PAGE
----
Wednesday, May 20, 2009

Dear Ryan Murphy; Please Hire Me

Because I sort of feel like everything would be better were I working for GLEE. Oh, GLEE. You will so very much totally be my new favorite show this fall. Especially if you continue to do things like this:

Full disclosure: sure, Don't Stop Believing is mad over-exposed and over-used, son, (as per Uncle Grambo over at Vulture), but that still doesn't stop me from dropping to my knees to interpretative-dance it at weddings.

And sure, there are clearly 20 people singing even though we see 5 members of the Glee Club on stage, and sure, it's RIDICK when the Zac Efron jock guy plays the drums and then hands off the drumsticks and the drums keep playing, but, frak it: this show has Jane Lynch saying things like "your resentment is delicious" and it features cheerleaders who are so Bring-it-On-y that they're wearing the EXACT SAME CHEERLEADING OUTFITS as the Toros, and the writing is pretty damnfine good in a this-is-smarter-than-your-typical-hour-long-drama-about-singing-teen-dreams way and Ryan Murphy et al. are sort of awesomely being straight up about high school life, and luckily people only burst into song when they're practicing or auditioning (to "On My Own," no less) or in fantasy scenes, and seriously, when the kid in the wheelchair plays that guitar solo, isn't it wonderful?

Monday, May 18, 2009

We Passed the Hash Pipe and Played our Doors Tapes

I was so thoroughly charmed and delighted by SNL's season-ending grand finale "Goodnight Saigon" humgdinging ding-dong of a sketch (thank you hugs'n'kisses to the always wonderful Videogum):

Maybe it's because there is nothing I love more than a star-studded finale, or maybe it's because I am consistently enamored with earnestness, or maybe it's because I remember being on a family trip driving through California and listening to that "Billy Joel Greatest Hits Volumes 1 and 2" mondo cassette and eagerly anticipating each time "Goodnight Saigon" would finally come on, right after "Allentown" (where our fathers fought the second world war; spent their weekends at the jersey shore) because, at age 12, I had just figured out what it was, like, really about man, or maybe it's because we kept that cassette in the station wagon and once my mom was doing errands and sort of half-listening to it and when the opening helicopter-noises from that song came on, she pulled over in a fright that she had blown a tire and then drove to the gas station so that Jack the mechanic could check her tires and tell her that, no, she didn't have a flat tire, it was just those helicopter noises from the beginning of "Goodnight Saigon" or maybe it's just the way Ferrell plays those maracas at the top.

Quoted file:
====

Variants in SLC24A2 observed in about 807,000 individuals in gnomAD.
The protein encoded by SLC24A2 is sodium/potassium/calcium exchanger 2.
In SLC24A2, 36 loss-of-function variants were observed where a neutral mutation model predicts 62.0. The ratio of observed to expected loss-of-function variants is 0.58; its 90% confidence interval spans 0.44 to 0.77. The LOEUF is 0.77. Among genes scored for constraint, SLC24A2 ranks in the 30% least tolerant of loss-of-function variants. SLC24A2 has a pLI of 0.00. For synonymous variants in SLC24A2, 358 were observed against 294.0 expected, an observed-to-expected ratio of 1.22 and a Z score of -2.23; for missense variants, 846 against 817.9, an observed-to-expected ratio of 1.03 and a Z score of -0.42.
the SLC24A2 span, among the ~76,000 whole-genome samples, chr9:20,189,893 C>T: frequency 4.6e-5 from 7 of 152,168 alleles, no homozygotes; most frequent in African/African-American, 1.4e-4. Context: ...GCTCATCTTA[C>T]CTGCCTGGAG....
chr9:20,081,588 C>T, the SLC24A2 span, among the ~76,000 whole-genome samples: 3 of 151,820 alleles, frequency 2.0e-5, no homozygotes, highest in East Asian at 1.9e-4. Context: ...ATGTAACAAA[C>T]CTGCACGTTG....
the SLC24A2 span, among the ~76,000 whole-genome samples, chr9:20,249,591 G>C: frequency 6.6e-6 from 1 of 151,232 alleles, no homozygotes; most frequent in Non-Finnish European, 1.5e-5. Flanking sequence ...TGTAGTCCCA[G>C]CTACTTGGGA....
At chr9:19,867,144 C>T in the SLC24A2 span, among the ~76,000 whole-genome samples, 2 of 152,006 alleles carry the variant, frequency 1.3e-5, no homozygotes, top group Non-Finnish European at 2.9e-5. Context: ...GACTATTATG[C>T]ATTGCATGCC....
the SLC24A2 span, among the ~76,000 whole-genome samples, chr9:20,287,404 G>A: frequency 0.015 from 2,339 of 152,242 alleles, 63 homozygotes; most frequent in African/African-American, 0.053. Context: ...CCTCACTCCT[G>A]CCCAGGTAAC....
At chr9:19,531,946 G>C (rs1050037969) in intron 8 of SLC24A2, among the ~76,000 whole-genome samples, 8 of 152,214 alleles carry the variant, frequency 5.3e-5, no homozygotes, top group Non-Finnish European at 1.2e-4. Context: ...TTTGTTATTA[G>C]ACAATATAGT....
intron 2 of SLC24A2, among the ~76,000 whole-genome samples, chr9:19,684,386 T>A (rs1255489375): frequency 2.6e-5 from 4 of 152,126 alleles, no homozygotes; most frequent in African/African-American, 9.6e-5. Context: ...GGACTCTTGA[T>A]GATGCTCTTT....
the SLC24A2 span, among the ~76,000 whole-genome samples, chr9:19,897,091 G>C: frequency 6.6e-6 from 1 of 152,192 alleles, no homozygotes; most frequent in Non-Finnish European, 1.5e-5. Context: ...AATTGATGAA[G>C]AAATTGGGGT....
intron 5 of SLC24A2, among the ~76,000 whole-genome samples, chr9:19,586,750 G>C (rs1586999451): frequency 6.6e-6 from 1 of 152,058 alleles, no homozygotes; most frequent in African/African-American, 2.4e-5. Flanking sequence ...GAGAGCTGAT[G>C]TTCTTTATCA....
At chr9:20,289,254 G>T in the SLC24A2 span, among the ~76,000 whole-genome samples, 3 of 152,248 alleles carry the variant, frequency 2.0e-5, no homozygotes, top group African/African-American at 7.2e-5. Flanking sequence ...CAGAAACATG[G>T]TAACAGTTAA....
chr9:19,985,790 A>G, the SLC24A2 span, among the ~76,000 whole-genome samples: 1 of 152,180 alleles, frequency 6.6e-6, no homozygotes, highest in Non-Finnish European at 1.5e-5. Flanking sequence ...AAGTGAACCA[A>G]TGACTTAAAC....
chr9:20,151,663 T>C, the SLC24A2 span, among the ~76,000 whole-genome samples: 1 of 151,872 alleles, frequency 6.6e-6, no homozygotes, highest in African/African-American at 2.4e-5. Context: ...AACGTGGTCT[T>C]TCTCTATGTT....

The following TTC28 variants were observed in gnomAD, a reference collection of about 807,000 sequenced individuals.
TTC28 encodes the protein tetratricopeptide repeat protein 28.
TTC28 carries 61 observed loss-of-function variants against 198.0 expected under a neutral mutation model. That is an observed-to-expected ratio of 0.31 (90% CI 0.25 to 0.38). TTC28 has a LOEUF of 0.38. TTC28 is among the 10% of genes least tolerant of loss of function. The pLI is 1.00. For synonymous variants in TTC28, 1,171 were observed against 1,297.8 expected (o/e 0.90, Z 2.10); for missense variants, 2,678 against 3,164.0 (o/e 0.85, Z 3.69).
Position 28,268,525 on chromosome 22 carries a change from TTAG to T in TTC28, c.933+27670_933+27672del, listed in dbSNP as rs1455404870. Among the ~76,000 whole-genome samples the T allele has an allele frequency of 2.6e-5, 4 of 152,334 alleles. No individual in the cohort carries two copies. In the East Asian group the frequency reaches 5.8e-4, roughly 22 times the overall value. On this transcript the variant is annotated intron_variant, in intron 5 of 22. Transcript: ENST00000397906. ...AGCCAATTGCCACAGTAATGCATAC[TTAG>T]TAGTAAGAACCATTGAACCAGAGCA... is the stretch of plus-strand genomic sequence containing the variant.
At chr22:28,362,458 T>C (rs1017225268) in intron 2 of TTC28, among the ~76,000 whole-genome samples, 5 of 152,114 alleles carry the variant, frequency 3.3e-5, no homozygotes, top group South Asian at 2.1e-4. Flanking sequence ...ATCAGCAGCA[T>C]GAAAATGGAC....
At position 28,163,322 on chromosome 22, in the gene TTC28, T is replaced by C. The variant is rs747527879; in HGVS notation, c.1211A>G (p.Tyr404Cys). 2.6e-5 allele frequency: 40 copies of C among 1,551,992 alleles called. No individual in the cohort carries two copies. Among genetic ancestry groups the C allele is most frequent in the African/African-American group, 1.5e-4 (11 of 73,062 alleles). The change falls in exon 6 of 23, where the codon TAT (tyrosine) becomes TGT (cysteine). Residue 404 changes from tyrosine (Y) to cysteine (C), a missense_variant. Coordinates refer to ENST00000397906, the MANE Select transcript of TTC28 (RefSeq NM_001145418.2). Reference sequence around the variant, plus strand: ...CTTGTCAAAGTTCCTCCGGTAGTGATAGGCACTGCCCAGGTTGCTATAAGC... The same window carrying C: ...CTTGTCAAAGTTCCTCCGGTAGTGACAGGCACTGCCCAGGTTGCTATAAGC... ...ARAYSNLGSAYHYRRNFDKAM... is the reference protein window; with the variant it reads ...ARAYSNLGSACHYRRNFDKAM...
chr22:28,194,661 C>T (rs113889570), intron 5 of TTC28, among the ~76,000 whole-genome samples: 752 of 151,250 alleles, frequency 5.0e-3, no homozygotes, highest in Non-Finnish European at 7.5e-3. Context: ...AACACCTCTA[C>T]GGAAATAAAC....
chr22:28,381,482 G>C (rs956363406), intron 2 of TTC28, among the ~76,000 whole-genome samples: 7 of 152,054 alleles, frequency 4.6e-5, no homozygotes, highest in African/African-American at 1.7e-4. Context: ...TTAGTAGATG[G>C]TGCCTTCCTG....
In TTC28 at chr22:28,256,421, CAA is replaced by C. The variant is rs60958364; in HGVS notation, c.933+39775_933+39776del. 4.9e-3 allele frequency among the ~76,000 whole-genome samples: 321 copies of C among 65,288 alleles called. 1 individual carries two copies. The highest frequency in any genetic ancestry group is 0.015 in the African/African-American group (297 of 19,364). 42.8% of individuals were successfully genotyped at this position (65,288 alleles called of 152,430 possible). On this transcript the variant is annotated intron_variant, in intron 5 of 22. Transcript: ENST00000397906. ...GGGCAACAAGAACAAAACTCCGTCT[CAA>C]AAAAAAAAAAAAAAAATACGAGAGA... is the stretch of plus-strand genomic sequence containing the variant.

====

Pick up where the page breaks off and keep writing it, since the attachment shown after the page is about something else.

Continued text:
Either way, I love this so much that I want to put a ring on it. And also, um, sort of maybe I kind of want to own the Billy Joel's Greatest Hits Volumes 1 and 2 mondo-cassette again. Remember that swelling chorus in "THe Night is Still Young?" I sure do.

Wednesday, May 13, 2009

For Mom

I know, this blog is supposed to be about pop culture and stuff like that, and it will revert back to its normal levels of observational snarkitude shortly, but I just wanted to put this on the internets. This is the eulogy I delivered at my mom's funeral:

I want to start off by reciting my mom’s favorite poem: “Comment,” by Dorothy Parker. I think my mom was a sort of modern-day Dorothy Parker – they shared the same biting wit and dizzying intellect; short, fashionable haircut; and love of words, and my mom taught me this poem when I was just a little girl and had no absolutely no idea what it meant:
Oh, life is a glorious cycle of song,
A medley of extemporanea;
And love is a thing that can never go wrong;
And I am the Queen of Romania.

And I just have this perfect image of her pausing dramatically while delivering that last line “ and I … am … the Queen ... of Romania.” The line was really “Marie of Romania” but my mom would always alter it and say “the queen of Romania,” but either way, it summed up my mom’s philosophy and also allowed her to use the word extemporanea, in everyday speech.

My mom’s vocabulary was blistering and she was the most clever and eloquent person I’ve ever met. My mom loved to talk – to anyone and everyone -- my mom could charm and fascinate absolutely everyone. No one worked a room like my mom. She was a champion schmoozer, and everytime I’m at a cocktail party or some sort of crowded event, I always find myself turning into my mother.